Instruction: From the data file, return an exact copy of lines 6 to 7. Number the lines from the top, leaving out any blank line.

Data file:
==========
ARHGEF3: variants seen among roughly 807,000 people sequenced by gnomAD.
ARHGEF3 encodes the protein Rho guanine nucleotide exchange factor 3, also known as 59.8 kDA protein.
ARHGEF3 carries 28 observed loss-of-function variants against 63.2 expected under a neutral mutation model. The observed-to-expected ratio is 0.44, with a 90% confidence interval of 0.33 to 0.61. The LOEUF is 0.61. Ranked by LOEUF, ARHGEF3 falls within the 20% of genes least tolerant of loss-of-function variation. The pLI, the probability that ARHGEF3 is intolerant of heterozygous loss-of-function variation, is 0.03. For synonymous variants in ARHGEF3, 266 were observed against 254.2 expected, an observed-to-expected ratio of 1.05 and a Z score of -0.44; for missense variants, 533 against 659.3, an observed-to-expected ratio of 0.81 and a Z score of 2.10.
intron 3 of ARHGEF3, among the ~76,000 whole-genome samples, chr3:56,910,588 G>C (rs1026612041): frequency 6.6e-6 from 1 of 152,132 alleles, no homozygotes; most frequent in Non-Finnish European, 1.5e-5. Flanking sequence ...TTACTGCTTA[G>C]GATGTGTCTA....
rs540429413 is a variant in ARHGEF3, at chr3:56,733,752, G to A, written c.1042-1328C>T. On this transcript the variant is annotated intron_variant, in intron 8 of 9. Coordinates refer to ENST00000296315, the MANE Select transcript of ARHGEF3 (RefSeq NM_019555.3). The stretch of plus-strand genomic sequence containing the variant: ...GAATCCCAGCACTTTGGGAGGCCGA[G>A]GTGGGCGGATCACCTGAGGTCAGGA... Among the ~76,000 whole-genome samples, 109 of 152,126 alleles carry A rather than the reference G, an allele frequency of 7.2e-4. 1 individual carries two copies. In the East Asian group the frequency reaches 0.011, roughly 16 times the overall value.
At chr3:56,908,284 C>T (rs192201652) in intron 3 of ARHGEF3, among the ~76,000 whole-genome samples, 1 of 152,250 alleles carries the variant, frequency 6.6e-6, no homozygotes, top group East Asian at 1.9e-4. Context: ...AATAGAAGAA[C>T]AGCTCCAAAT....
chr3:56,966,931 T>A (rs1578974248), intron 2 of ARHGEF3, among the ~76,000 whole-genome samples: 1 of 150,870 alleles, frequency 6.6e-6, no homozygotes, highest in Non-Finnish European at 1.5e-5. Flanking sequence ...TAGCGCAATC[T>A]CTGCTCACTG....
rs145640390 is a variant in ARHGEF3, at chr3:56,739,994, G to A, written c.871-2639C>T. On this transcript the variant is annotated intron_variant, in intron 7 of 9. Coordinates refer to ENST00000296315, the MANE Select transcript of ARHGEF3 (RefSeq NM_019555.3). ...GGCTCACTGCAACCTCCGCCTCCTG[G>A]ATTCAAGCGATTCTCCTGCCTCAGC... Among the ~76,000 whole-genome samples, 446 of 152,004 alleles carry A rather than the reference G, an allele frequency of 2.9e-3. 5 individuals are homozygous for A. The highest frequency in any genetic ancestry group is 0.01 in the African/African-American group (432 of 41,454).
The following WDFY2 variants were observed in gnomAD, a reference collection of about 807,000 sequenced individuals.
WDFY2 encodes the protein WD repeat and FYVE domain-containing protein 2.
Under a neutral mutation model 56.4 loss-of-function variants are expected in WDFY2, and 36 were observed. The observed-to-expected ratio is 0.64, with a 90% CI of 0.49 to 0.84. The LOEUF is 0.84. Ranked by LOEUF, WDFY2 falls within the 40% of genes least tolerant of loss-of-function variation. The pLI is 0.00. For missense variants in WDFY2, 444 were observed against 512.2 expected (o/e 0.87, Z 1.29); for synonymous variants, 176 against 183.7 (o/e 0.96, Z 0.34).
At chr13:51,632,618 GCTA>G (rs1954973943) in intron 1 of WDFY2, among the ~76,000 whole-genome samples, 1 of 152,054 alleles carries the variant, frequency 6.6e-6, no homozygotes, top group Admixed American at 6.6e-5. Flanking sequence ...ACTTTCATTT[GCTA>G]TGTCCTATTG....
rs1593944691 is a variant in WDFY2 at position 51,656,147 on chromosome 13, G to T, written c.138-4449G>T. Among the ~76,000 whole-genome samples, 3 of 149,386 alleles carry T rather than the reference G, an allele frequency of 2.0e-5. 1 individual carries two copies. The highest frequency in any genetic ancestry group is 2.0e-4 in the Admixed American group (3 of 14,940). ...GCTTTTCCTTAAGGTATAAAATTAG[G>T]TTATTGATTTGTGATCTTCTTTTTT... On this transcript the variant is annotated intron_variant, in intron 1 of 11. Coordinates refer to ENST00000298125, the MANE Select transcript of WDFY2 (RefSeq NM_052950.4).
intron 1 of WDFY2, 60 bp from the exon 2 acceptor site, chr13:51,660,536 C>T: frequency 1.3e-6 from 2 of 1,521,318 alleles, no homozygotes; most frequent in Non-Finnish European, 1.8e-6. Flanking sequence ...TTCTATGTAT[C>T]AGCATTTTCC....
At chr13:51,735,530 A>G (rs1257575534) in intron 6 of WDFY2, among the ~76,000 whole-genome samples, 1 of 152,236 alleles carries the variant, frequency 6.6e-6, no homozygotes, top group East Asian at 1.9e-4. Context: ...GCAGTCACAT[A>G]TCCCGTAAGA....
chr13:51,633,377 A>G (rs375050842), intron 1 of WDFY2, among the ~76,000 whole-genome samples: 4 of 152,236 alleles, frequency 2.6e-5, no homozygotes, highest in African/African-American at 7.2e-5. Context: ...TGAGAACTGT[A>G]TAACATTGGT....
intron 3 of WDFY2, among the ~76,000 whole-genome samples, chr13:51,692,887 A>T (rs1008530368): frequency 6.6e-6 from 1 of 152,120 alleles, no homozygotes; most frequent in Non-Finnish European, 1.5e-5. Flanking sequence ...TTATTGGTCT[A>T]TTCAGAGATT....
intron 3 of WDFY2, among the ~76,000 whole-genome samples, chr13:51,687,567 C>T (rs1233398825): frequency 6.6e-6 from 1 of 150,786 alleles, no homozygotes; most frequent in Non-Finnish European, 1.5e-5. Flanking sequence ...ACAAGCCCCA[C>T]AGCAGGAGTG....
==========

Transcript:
At chr3:56,908,284 C>T (rs192201652) in intron 3 of ARHGEF3, among the ~76,000 whole-genome samples, 1 of 152,250 alleles carries the variant, frequency 6.6e-6, no homozygotes, top group East Asian at 1.9e-4. Context: ...AATAGAAGAA[C>T]AGCTCCAAAT....
chr3:56,966,931 T>A (rs1578974248), intron 2 of ARHGEF3, among the ~76,000 whole-genome samples: 1 of 150,870 alleles, frequency 6.6e-6, no homozygotes, highest in Non-Finnish European at 1.5e-5. Flanking sequence ...TAGCGCAATC[T>A]CTGCTCACTG....